There’s a peculiar syndrome among artists that parallels the discussions of many a record store clerk, except amongst artists “have you heard” becomes “have you seen.” Depending on whose chin is wagging, you might come away with the names of a couple of Argentinian comic artists, a slew of nineteenth century naturalist painters, or someone’s favorite Japanese printmaker.
In no particular order, other than alphabetical, we present to you this weekly feature about artists who help power our pencils.
“Haunting” might be the best way to describe the oil paintings of polish artist Beksi?ski, but I think this quote from him sums it up best: “I wish to paint in such a manner as if I were photographing dreams.”
One of the titans of science fiction illustration, he forever redefined the look of the sci-fi spaceship. Transforming it from flying discs and cigars with fins into abstract masses of light and structure.
Rackham is to England as Bilibin is to Russia. His graphic, woodblock style illustrations beautifully meld both European and Japanese design sense into something uniquely his own.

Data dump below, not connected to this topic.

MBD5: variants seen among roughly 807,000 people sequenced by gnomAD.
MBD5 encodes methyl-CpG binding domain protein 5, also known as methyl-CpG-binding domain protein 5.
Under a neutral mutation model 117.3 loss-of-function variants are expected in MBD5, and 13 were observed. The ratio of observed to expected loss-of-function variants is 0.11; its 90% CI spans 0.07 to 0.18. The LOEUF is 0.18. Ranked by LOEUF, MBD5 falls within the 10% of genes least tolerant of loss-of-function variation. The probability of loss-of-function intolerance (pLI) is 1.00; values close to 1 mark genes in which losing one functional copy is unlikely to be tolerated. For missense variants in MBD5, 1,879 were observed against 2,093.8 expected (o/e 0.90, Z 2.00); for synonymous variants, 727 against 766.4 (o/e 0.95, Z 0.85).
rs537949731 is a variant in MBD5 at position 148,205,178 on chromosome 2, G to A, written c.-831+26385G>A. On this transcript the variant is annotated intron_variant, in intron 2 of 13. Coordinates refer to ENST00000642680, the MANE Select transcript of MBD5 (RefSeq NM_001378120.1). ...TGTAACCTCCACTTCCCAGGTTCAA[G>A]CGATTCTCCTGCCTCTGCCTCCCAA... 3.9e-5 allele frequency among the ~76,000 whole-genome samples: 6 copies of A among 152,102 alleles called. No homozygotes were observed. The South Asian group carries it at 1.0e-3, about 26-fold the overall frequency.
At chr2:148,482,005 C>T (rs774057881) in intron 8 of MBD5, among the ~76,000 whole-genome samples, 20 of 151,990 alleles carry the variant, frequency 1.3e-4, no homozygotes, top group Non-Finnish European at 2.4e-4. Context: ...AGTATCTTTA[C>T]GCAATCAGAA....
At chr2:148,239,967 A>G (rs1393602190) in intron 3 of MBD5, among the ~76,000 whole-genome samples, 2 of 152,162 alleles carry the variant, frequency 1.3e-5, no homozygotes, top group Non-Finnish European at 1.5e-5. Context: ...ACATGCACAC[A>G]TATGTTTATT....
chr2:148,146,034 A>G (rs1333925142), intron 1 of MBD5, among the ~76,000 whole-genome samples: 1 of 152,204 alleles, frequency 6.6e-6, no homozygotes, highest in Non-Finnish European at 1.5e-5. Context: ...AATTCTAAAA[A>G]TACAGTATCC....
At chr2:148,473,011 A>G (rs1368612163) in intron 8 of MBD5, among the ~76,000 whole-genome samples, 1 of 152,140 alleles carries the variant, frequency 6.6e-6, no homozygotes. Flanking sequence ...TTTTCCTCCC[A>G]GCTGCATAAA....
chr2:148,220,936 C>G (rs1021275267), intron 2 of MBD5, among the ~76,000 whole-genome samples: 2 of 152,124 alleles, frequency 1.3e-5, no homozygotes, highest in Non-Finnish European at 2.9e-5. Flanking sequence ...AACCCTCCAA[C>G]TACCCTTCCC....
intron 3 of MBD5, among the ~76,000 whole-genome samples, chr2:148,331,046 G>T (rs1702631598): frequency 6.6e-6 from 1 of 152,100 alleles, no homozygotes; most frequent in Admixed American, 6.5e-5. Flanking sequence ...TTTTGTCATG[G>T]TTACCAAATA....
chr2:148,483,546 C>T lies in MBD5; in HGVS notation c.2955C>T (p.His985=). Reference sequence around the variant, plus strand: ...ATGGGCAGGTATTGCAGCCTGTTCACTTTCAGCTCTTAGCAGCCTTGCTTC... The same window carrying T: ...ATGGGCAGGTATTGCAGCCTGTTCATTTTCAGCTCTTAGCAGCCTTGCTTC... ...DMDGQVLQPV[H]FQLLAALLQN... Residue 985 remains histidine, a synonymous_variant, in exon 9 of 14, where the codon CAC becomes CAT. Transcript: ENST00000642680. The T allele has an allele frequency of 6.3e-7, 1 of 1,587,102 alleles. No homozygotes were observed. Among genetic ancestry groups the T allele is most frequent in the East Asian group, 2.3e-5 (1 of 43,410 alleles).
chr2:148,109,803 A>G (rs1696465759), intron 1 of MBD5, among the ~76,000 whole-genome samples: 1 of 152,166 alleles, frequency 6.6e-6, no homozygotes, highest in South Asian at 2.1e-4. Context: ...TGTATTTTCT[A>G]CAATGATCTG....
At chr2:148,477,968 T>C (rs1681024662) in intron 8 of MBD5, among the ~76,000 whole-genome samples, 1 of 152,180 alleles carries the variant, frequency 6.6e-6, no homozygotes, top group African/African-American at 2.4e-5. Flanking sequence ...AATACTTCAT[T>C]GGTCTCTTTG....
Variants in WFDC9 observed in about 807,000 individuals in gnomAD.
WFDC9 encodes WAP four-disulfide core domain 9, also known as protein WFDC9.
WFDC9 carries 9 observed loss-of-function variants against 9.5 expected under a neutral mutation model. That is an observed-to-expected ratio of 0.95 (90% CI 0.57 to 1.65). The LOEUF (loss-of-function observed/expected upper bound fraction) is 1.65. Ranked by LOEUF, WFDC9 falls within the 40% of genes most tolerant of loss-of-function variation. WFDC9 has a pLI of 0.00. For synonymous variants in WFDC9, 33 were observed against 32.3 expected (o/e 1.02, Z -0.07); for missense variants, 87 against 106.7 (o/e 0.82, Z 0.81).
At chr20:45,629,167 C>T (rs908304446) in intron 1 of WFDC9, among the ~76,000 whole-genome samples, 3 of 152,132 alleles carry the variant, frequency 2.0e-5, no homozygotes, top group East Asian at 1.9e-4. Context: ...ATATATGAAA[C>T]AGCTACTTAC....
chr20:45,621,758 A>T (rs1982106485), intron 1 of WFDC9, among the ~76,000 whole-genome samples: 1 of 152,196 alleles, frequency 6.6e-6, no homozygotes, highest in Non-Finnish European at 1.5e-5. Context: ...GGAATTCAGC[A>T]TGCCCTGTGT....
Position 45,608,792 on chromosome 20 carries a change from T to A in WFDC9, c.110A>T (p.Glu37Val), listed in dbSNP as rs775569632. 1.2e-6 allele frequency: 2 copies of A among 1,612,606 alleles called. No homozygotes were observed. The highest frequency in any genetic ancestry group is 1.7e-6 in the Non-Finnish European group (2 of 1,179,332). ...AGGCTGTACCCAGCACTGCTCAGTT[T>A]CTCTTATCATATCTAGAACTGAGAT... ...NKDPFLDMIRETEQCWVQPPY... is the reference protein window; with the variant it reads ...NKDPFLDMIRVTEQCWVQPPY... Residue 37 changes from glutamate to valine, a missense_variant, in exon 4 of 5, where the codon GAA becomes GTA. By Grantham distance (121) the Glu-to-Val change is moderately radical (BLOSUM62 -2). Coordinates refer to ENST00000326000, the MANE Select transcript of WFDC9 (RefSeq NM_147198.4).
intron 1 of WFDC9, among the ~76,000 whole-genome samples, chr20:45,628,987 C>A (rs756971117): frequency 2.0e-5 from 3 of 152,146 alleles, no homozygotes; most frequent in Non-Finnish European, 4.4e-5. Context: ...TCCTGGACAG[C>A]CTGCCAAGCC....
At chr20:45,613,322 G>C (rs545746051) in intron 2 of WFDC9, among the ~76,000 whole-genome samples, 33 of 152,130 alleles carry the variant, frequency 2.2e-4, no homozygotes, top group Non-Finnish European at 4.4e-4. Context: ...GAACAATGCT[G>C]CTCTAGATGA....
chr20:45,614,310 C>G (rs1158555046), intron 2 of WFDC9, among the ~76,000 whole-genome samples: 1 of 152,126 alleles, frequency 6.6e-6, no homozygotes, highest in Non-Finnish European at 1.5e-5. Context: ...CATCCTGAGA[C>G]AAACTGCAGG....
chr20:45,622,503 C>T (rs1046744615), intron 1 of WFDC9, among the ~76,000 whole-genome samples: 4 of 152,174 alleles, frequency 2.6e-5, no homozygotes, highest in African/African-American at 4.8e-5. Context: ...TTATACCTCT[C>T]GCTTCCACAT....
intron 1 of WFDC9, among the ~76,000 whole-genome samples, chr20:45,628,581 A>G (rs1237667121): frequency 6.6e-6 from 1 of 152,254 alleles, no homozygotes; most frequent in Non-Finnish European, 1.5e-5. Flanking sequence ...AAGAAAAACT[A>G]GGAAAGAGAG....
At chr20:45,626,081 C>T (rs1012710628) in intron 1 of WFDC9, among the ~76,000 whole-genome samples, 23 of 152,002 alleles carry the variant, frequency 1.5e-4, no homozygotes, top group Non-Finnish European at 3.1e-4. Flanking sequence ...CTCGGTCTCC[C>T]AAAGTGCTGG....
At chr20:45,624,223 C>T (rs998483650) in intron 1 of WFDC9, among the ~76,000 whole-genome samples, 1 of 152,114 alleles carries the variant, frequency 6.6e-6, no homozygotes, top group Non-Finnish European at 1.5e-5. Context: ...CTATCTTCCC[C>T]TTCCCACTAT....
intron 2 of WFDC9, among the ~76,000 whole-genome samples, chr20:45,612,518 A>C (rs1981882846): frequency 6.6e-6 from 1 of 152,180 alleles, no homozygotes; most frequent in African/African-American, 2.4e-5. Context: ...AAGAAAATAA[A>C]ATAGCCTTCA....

A savagely talented concept artist who seems to have gotten his design chops contributing to the Harry Potter movies. He has a knack for inventing utterly creepy masks, ranging from the Death Eaters of Harry Potter to the Joker’s Clown Mask from The Dark Knight.
There was a time when illustration was only in black and white and one of the kings of this era was Franklin Booth. John Fleskes nicknamed him “Painter with a Pen.” It’s rare when an illustration has 10,000 lines in it, and each one of them entirely belongs there. Makes us quiver just by inking a cloud in the sky.
A barely known French painter from the nineteenth century. He was among a group of painters who combined the new color sense of the Impressionists with the drawing precision of the French Academy. We love him so much, especially the way he welds the darks together.
A famed British muralist whose bold, chunky painting style and complex multi-figure compositions served as an inspiration to the famed American illustrator Dean Cornwell.
C O L O P H O N
This week’s header image uses the interesting semi-slab hybrid Museo, released in 2008 by digital type designer Jos Buivenga; and Bodoni, designed in the late 1700s by Giambattista Bodoni, Italian printer and pioneer of high-contrast Romantic-era rationalist typefaces.
We are Kurt Huggins and Zelda Devon. We live in a pocket-sized apartment in Brooklyn where we collect neat, weird things. Our home is abundant with books, old furniture, mismatching tea cups, and a cat named Cipher. We both illustrate stuff for money so we can continue to invent stories, buy shoelaces, watch puppet shows, and eat sandwiches.